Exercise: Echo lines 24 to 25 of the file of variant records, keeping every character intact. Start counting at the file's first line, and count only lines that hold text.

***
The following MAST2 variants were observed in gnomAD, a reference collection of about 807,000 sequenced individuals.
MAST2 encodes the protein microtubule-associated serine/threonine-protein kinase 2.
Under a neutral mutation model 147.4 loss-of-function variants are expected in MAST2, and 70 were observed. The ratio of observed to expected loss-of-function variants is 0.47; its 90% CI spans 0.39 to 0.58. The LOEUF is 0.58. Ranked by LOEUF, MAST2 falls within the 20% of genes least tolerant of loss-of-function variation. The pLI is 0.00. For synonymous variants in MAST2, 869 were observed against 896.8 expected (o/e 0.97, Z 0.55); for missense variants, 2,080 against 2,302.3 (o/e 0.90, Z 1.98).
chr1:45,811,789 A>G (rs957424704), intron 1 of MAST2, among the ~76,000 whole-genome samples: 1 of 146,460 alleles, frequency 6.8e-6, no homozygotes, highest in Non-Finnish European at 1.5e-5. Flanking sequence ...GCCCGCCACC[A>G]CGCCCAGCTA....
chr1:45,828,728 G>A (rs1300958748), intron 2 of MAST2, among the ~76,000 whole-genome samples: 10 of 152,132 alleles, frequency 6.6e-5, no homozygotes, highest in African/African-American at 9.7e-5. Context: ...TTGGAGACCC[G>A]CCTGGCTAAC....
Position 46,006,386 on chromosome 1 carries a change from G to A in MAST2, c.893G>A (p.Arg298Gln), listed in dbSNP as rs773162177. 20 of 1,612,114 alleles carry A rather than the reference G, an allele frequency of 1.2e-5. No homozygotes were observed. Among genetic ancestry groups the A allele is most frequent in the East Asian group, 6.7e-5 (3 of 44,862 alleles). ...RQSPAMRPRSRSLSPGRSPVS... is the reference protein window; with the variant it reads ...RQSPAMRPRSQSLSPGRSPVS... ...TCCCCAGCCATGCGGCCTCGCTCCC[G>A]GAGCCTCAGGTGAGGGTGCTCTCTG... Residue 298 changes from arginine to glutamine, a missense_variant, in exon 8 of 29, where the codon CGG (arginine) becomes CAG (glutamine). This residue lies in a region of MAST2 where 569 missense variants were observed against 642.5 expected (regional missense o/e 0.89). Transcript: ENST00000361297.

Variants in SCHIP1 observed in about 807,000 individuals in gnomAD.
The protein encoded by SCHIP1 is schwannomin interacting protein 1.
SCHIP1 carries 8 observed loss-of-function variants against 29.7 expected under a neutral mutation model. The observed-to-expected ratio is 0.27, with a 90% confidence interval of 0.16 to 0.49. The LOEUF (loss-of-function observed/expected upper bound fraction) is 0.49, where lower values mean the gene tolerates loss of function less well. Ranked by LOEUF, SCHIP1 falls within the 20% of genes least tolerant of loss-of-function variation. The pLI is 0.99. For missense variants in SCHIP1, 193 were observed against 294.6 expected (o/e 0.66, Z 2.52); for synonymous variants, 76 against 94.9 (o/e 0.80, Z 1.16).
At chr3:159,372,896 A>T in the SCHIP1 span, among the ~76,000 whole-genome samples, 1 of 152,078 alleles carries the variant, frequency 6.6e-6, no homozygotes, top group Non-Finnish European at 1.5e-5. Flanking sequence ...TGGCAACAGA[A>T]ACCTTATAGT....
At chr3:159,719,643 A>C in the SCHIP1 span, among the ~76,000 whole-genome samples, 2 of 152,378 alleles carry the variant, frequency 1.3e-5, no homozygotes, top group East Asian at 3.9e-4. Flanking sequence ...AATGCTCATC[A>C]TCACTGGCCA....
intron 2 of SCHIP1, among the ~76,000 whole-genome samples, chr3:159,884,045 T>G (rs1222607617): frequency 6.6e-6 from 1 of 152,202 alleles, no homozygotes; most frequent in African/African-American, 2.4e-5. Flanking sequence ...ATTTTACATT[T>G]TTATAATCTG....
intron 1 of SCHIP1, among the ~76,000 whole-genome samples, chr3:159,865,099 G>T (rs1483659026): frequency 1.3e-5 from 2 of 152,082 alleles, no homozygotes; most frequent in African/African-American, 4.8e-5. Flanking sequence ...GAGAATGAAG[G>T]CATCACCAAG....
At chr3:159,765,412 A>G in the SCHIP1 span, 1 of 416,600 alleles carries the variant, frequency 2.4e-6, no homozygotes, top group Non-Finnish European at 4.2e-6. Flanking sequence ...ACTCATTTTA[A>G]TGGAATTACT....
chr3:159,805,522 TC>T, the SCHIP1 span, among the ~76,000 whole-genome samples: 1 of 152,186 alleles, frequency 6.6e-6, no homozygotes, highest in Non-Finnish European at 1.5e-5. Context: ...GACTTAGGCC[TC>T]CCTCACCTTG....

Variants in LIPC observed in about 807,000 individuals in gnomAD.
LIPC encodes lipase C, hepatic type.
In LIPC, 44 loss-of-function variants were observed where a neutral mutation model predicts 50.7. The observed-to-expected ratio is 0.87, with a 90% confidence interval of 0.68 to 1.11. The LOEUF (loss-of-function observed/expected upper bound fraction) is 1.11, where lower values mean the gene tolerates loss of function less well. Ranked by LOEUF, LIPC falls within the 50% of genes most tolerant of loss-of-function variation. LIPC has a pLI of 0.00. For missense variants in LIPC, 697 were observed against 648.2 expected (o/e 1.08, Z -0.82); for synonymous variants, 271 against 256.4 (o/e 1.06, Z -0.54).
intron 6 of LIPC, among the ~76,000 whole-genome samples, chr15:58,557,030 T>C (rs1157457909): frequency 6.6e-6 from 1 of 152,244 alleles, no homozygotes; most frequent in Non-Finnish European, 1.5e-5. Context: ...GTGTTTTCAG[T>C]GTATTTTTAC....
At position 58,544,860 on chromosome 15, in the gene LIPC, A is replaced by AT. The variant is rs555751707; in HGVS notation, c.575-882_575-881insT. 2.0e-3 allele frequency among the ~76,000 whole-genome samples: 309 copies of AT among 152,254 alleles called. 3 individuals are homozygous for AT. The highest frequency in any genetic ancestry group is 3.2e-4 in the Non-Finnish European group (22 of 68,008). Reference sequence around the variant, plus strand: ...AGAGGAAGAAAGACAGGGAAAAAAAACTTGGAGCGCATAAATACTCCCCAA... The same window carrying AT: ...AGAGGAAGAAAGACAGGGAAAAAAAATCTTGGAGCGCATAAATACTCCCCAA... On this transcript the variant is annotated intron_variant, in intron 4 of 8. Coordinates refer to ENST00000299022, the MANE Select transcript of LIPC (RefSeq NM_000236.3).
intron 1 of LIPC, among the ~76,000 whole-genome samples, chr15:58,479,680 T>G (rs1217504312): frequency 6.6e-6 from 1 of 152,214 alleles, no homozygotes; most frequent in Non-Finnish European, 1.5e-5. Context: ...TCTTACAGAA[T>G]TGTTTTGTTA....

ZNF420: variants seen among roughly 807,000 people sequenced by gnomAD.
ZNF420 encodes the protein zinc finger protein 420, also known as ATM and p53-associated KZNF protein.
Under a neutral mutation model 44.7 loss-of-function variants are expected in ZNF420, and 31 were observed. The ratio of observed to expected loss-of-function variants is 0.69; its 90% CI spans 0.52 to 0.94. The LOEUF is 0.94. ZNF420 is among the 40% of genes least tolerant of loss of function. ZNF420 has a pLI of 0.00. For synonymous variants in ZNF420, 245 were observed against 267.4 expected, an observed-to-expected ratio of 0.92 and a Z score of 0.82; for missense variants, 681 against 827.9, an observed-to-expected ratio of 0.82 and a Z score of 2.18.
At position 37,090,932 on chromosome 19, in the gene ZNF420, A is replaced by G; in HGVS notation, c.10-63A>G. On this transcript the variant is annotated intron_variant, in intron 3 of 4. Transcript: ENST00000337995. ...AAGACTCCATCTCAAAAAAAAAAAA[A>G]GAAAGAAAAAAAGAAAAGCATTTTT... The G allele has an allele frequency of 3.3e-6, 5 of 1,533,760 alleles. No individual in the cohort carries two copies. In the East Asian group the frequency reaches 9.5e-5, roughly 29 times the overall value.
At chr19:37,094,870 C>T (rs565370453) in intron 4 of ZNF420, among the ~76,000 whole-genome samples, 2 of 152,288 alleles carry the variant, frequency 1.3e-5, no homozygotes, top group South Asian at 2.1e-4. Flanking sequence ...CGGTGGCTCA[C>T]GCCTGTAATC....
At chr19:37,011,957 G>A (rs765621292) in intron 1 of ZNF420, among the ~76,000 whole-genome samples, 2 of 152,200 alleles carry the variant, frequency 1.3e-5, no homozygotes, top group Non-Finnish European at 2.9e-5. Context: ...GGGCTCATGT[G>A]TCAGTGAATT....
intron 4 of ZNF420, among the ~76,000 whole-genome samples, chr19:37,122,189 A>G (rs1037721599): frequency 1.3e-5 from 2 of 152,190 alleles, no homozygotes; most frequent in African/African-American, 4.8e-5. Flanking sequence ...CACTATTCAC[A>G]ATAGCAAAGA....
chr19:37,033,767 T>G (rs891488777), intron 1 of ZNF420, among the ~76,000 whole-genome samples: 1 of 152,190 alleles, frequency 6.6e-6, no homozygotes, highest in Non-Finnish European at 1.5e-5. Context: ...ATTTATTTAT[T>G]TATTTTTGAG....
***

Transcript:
Under a neutral mutation model 44.7 loss-of-function variants are expected in ZNF420, and 31 were observed. The ratio of observed to expected loss-of-function variants is 0.69; its 90% CI spans 0.52 to 0.94. The LOEUF is 0.94. ZNF420 is among the 40% of genes least tolerant of loss of function. ZNF420 has a pLI of 0.00. For synonymous variants in ZNF420, 245 were observed against 267.4 expected, an observed-to-expected ratio of 0.92 and a Z score of 0.82; for missense variants, 681 against 827.9, an observed-to-expected ratio of 0.82 and a Z score of 2.18.
At position 37,090,932 on chromosome 19, in the gene ZNF420, A is replaced by G; in HGVS notation, c.10-63A>G. On this transcript the variant is annotated intron_variant, in intron 3 of 4. Transcript: ENST00000337995. ...AAGACTCCATCTCAAAAAAAAAAAA[A>G]GAAAGAAAAAAAGAAAAGCATTTTT... The G allele has an allele frequency of 3.3e-6, 5 of 1,533,760 alleles. No individual in the cohort carries two copies. In the East Asian group the frequency reaches 9.5e-5, roughly 29 times the overall value.